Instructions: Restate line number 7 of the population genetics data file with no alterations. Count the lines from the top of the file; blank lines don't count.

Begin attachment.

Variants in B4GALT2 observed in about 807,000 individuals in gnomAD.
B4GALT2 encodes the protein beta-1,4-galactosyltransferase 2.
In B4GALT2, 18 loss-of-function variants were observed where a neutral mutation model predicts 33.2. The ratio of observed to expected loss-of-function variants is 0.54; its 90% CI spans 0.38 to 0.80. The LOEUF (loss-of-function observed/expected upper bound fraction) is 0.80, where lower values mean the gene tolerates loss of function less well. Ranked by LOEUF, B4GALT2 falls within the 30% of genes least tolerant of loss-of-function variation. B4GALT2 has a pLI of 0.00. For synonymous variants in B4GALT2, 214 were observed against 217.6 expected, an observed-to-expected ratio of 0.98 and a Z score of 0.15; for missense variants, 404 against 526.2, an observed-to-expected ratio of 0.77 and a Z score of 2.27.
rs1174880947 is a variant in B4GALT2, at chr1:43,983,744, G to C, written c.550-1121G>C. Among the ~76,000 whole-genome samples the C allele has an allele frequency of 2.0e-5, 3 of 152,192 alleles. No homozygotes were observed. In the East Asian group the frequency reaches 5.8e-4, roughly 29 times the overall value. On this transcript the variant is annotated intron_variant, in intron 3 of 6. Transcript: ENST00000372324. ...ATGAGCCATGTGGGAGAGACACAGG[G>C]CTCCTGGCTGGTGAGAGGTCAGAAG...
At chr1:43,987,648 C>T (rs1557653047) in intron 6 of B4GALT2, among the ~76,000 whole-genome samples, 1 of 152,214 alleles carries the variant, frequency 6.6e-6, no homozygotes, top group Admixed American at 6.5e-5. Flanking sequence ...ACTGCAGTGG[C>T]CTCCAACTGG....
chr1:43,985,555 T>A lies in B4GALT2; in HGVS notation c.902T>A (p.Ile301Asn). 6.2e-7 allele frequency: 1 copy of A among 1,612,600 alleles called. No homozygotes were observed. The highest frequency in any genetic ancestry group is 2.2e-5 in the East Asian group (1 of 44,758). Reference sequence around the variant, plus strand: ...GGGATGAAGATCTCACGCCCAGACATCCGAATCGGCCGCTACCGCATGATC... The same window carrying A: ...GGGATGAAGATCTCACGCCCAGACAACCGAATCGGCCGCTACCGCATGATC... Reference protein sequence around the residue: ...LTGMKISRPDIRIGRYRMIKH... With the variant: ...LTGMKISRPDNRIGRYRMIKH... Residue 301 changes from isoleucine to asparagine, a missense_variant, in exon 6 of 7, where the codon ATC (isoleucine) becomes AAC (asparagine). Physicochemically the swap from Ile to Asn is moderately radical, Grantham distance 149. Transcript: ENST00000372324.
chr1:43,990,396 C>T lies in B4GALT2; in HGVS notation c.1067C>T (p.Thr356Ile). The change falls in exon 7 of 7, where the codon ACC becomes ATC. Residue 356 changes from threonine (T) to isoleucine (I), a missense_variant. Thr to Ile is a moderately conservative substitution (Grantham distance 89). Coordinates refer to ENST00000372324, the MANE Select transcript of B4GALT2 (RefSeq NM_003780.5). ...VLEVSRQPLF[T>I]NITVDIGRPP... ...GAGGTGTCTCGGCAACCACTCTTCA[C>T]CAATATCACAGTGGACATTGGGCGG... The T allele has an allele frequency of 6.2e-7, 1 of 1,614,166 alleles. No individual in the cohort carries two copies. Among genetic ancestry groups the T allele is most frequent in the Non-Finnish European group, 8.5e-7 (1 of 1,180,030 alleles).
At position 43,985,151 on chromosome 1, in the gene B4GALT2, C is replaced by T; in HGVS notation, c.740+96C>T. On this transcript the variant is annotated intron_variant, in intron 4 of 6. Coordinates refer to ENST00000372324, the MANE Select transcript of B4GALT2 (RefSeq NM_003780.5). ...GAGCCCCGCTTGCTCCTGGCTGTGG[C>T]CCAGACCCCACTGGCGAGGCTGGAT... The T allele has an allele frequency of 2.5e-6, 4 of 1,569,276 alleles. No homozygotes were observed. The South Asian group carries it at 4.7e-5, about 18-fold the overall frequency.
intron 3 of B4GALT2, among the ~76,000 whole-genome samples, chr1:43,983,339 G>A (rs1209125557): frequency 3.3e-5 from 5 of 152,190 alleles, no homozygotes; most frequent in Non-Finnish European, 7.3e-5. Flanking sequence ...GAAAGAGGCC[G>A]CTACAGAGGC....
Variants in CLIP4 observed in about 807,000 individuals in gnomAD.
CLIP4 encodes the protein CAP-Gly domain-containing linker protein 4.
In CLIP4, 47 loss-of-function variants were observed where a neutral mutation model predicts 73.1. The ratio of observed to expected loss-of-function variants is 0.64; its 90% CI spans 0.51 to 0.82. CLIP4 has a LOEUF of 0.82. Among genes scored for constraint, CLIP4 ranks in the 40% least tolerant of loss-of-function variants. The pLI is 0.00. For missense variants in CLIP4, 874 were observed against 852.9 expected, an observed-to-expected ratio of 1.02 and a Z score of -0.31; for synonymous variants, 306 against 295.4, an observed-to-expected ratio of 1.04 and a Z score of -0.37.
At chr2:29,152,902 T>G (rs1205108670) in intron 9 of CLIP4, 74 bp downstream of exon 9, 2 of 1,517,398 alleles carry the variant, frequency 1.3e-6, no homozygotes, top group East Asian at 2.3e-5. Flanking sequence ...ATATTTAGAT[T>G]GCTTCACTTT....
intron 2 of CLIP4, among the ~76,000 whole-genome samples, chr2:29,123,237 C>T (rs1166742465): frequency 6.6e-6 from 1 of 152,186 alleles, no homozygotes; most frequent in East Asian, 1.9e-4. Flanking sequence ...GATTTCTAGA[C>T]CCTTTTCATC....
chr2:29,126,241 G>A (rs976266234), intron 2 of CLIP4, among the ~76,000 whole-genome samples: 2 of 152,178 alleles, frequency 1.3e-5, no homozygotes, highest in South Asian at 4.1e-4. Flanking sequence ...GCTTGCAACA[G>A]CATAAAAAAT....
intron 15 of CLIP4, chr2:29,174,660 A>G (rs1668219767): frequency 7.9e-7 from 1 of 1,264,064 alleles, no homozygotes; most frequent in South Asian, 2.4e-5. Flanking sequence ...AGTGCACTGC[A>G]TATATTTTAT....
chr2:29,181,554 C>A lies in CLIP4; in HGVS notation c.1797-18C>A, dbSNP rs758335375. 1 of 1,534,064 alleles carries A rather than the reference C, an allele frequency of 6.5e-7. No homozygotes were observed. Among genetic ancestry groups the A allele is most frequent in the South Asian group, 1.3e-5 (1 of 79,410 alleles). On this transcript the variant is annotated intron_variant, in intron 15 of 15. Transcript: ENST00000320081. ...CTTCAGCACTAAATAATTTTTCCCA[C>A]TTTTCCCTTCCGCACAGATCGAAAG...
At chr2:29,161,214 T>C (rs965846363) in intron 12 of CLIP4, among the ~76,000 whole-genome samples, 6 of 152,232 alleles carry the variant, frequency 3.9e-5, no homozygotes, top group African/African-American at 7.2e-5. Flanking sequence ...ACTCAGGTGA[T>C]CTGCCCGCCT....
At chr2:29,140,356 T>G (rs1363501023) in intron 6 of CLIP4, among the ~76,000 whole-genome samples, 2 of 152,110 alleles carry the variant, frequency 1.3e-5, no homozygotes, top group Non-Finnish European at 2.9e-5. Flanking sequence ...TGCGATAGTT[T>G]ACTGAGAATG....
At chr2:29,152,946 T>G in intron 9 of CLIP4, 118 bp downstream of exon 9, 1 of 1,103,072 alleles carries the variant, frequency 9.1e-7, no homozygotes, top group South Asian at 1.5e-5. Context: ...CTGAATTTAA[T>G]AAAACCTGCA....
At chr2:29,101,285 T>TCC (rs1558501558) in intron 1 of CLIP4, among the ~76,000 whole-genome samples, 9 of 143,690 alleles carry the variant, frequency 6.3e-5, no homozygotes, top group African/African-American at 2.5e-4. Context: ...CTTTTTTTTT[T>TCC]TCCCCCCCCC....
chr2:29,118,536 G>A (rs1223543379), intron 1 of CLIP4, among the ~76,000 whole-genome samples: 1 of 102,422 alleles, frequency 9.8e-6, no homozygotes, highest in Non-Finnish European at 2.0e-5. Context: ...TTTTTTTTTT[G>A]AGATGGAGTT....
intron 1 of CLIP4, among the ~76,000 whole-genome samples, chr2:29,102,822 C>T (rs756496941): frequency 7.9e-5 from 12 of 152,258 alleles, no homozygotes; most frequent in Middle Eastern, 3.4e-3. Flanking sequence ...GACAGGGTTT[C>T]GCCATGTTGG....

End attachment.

chr1:43,990,396 C>T lies in B4GALT2; in HGVS notation c.1067C>T (p.Thr356Ile). The change falls in exon 7 of 7, where the codon ACC becomes ATC. Residue 356 changes from threonine (T) to isoleucine (I), a missense_variant. Thr to Ile is a moderately conservative substitution (Grantham distance 89). Coordinates refer to ENST00000372324, the MANE Select transcript of B4GALT2 (RefSeq NM_003780.5). ...VLEVSRQPLF[T>I]NITVDIGRPP... ...GAGGTGTCTCGGCAACCACTCTTCA[C>T]CAATATCACAGTGGACATTGGGCGG... The T allele has an allele frequency of 6.2e-7, 1 of 1,614,166 alleles. No individual in the cohort carries two copies. Among genetic ancestry groups the T allele is most frequent in the Non-Finnish European group, 8.5e-7 (1 of 1,180,030 alleles).